A few days of good spring weather and cherry, apple and pear trees slowly start to blossom again. For growers this can be problematic, as there is potential for light night frosts in March and April to damage blossom impacting on yield and quality. However, if the osmoregulator Bluestim® is applied in time, this can now be minimised - says Crop Specialist, Gaby van Kemenade.
Bluestim® consists of more than 96% glycine betaine - an organic compound that stimulates water and nutrient transport during stress situations - heat, cold, water and/or salt.
“Some crops, such as cacti, naturally contain high levels of glycine betaine to help survive environmental stress – in the case of cacti, extreme drought,” explains Gaby. “Others need a helping hand – which is where Bluestim® can play an important part. By treating fruit trees in good time, we can make them resilient to light night frosts."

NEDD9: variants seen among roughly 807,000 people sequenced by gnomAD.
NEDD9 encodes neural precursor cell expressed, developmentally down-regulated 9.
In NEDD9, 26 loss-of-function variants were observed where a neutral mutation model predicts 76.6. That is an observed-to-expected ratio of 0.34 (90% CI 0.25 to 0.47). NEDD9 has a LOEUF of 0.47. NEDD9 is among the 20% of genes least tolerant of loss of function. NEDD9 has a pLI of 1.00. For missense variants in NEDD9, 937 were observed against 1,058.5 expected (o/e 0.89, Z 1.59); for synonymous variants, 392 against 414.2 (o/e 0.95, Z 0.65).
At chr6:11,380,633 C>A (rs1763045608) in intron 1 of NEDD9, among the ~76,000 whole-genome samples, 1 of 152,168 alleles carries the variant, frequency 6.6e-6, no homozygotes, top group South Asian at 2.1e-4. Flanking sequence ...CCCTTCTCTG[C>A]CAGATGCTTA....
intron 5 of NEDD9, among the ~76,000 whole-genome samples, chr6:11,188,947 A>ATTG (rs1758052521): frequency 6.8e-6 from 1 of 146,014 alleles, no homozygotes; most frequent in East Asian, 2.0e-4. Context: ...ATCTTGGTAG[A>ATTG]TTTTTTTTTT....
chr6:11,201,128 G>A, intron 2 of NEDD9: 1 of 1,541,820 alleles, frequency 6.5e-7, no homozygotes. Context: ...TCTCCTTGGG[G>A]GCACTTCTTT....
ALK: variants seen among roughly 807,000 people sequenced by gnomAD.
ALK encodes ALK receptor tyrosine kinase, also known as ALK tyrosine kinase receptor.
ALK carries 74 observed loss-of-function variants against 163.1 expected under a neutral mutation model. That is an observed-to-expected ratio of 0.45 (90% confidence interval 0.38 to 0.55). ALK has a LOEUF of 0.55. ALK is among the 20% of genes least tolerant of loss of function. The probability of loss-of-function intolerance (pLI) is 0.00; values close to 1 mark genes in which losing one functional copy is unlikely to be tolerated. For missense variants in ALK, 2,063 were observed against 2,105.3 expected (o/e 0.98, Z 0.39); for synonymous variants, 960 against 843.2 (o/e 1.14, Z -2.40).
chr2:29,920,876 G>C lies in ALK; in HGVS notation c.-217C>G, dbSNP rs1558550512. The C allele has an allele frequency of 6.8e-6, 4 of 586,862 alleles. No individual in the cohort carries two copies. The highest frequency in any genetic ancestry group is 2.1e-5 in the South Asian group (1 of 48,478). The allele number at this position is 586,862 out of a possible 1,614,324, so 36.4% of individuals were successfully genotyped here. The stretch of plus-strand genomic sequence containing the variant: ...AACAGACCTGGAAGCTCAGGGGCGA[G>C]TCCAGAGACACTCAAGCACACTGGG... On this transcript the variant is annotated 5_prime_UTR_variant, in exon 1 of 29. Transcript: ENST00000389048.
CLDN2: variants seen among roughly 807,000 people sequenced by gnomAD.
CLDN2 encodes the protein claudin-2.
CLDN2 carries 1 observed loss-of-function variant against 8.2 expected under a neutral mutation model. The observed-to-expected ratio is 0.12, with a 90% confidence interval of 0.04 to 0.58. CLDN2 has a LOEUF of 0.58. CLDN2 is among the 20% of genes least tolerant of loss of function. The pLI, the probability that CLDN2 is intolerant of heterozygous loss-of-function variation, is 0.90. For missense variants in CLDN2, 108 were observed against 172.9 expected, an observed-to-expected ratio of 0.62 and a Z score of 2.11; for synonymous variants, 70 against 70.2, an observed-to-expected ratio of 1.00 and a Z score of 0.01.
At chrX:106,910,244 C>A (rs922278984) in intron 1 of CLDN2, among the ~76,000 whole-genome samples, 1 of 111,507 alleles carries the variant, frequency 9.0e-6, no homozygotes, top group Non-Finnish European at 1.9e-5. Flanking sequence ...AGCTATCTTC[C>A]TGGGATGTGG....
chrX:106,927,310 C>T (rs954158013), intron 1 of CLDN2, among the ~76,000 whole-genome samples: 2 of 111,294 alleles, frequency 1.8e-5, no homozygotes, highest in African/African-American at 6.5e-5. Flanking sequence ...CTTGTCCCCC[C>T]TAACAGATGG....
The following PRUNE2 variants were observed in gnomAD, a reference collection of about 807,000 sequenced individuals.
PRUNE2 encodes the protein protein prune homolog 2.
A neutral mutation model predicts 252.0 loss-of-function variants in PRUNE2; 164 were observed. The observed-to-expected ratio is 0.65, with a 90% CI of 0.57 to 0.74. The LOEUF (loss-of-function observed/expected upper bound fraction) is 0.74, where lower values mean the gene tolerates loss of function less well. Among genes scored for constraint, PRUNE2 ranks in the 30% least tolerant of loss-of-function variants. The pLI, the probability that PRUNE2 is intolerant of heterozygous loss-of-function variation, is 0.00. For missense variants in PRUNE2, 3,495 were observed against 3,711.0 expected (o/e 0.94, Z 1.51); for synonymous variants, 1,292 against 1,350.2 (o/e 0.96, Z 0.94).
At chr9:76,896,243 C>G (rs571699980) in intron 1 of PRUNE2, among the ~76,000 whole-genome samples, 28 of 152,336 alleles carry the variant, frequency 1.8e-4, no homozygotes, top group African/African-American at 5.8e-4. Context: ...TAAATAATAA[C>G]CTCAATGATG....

Apply 72 hours before frost
Easily absorbed by the crop, Bluestim® reaches all parts of the plant within 24 hours. From that point, osmosis regulation kicks in.
“We recommend spraying fruit trees with 7 to 8 kg/ha Bluestim® approximately 72 hours before the first frost,” says Gaby. “The crop then has sufficient time to optimise sap flow to better withstand the cold stress. If necessary, the treatment can be repeated after 2 weeks.”
Research carried out by PCFruit in 2010 on pear blossom showed Bluestim® significantly reduced frost damage.
Before the blossom was exposed to a temperature of -3°C, it was treated with Bluestim®. As a result, only 2 of the 66 observed flowers showed slight discoloration and there were no signs of heavy frost damage; Bluestim® protected 97% of the flowers against frost. In the untreated control, 29% of the blossoms were damaged.
In addition to good results with stone fruit and top fruit trees, in situations of environmental stress Bluestim® can deliver tangible yield/quality improvements to soft fruit, greenhouse vegetable and ornamental crops as well as turf.